Bible and Work Seven

Bible and Work 7

By Nancy

Brooklyn Museum - Zacchaeus in the Sycamore Aw...Image via Wikipedia

Today’s question.  What does Jesus have to say about work?

What’s your response?

Jesus talks about various kinds of work in his parables, but of course the parables aren’t really about work.

Jesus warns us about the dangers of loving wealth (Matt 6:24 among other places).

Jesus calls us to live a holistic life centered on loving God and loving neighbor.

What we’re not given are a lot of specific instructions about appropriate jobs for Christians or how to discern the correct job for us.

But I think the story of Zacchaeus offers us some clues. It is important to remember that taxes and tax collection were very different in first century Rome than they are in the United States in our time.

At the height of the Republic‘s era of provincial expansion (roughly the 1st and 2nd centuries BC until the end of the Republic) the Roman tax farming system was very profitable for the publicani. The right to collect taxes for a particular region would be auctioned every few years for a value that (in theory) approximated the tax available for collection in that region. The payment to Rome was treated as a loan and the publicani would receive interest on their payment at the end of the collection period. In addition, any excess (over their bid) tax collected would be pure profit for the publicani. The principal risk to the publicani was that the tax collected would be less than the sum bid.  from Wikipedia

Tax collection was a for profit enterprise in ancient Rome. Jews who were tax collectors were considered collaborators with the occupying Roman government by their fellow Jews. Tax collectors were well off, but not well loved.  Tax collecting was not considered a reputable job. It was not good work for a Jew.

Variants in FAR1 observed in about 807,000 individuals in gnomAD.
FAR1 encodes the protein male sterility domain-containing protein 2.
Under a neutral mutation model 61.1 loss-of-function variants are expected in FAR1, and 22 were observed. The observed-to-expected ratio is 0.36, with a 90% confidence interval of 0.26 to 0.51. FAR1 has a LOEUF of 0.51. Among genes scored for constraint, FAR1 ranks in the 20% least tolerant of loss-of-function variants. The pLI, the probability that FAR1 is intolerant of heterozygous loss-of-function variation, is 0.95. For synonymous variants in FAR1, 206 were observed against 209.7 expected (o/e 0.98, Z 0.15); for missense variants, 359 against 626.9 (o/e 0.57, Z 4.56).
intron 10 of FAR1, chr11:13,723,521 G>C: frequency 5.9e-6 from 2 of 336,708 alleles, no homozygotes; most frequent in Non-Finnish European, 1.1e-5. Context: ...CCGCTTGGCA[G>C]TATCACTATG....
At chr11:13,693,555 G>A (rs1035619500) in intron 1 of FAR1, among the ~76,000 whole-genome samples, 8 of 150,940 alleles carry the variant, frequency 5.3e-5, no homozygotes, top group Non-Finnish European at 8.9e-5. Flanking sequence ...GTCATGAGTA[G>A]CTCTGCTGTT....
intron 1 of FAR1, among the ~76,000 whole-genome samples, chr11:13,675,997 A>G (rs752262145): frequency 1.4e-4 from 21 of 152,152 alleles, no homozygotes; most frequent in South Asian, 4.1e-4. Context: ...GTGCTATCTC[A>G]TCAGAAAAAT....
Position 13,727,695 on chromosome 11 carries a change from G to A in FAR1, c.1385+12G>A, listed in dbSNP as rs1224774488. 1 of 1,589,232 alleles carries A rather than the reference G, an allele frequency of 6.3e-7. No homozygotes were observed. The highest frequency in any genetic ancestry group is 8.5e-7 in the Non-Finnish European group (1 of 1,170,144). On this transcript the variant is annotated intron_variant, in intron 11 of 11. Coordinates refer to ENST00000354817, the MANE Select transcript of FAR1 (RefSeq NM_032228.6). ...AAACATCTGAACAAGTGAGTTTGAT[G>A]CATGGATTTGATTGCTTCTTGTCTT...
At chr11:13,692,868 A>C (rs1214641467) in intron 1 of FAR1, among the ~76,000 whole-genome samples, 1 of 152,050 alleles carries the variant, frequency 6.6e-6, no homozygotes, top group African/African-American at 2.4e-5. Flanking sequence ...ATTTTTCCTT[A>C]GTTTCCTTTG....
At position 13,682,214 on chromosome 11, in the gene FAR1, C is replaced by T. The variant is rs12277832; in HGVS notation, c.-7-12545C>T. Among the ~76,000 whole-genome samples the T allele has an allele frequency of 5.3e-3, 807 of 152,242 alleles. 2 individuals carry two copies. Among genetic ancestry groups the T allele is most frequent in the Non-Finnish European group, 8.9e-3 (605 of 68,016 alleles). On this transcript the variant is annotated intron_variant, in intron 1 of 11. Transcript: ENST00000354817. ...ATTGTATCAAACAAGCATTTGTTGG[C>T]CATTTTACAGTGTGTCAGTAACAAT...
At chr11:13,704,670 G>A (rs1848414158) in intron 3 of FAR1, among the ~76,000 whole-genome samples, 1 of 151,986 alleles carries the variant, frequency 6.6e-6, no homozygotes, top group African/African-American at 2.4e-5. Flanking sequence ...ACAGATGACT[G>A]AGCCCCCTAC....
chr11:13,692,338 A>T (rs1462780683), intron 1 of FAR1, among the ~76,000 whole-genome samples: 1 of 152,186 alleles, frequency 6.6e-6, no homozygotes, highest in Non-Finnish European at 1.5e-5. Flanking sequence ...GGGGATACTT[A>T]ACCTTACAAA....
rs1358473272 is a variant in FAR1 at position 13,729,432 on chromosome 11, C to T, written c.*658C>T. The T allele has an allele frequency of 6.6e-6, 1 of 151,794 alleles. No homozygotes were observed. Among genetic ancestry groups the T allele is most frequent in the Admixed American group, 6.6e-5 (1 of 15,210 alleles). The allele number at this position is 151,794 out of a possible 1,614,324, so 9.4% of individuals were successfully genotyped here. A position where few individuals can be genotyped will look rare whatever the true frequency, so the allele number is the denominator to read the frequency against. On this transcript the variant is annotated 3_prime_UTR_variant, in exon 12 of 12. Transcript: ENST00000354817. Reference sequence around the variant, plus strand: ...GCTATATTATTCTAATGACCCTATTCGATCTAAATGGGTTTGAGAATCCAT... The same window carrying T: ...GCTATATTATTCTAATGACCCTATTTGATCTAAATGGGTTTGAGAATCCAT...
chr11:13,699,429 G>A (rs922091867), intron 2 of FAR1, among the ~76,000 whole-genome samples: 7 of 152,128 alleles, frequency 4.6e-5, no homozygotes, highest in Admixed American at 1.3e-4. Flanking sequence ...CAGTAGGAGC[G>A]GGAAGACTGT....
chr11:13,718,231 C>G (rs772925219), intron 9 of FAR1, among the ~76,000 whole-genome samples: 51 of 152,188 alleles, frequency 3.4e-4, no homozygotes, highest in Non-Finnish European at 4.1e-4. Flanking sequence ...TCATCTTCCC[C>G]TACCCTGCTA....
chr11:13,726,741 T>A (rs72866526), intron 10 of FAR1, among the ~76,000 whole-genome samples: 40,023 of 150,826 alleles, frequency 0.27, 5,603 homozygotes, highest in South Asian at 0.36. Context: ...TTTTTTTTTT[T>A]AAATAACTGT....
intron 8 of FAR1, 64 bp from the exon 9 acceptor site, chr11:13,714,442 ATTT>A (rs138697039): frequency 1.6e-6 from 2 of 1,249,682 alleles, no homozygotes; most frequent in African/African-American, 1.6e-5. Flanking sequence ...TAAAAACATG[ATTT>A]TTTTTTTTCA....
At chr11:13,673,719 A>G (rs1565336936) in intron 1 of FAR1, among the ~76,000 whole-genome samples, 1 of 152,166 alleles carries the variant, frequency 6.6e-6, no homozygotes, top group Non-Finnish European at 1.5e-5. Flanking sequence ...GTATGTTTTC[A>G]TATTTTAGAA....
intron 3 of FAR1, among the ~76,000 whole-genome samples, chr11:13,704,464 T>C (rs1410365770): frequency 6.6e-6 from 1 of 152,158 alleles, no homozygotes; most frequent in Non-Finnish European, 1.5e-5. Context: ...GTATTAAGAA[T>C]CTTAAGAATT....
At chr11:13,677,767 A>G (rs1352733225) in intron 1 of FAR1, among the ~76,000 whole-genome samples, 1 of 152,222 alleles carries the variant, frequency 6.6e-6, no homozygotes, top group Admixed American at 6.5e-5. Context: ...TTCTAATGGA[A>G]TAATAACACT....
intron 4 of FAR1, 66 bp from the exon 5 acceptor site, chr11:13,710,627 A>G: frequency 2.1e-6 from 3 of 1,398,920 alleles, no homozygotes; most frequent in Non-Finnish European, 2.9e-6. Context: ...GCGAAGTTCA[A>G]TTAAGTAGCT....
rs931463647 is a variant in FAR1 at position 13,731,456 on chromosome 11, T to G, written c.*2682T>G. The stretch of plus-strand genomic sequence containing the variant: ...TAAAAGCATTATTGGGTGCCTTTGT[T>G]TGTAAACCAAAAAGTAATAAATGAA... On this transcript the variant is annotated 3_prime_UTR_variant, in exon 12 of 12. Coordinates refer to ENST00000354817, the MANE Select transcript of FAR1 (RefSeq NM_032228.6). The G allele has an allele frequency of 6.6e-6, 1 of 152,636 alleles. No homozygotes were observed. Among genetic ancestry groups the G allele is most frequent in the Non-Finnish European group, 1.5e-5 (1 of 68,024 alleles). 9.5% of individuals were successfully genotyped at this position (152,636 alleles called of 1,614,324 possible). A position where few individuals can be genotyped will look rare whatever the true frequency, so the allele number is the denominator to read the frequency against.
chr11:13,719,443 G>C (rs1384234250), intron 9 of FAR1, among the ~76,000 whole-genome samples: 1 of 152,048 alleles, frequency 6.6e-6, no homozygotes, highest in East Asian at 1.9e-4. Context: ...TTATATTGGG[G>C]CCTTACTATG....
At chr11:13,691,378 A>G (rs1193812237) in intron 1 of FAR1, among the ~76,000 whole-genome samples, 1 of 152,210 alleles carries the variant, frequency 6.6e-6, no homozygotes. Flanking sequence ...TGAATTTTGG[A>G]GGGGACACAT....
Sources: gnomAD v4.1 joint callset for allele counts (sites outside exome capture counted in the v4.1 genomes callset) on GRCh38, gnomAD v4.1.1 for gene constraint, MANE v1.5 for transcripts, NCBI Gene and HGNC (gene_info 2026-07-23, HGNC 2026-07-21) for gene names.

Like other passages in the Bible there are many things to explore and think about in Zacchaeus’ story, but today we want to focus on work.

What happens when Jesus comes to Zacchaeus’ house?

What is Zacchaeus’ response to Jesus?

How will Zacchaeus’ way of doing his work be different now?

What does this story suggest about the way we do our work, even if society doesn’t approve of or respect our work?

Jesus doesn’t tell Zacchaeus to change jobs. Actually in the parable Jesus doesn’t tell Zacchaeus to do anything. Zacchaeus after encountering Jesus changes the way he does his job. He stops being a tax collector by society’s standards and becomes a tax collector by Jesus’ standards- fairly and honestly, making restitution where it is due.

While we don’t typically think of jobs as needing salvation, we might use the language of redemption.In this story, not only is Zacchaeus saved, but his job is redeemed. The job of tax collector isn’t abandoned to those without ethics. It is not dismissed as beneath or unworthy of a follower of Jesus. The job of tax collector becomes a vehicle for the glory of God. The kingdom of God enters into the kingdom of Rome and changes it. One tax collector at a time.

Can you think of jobs in our society that might particularly need redemption?  On one hand we can say all jobs need redemption, but some perhaps more so than others.

Are there aspects of you current job that need redemption?  How might redemption be accomplished? Is it the result of an individuals efforts? Or the company’s efforts? Or both? How might an individual’s efforts affect a companies ethics? And vise versa?

 

cross posted at Conversation in Faith

 

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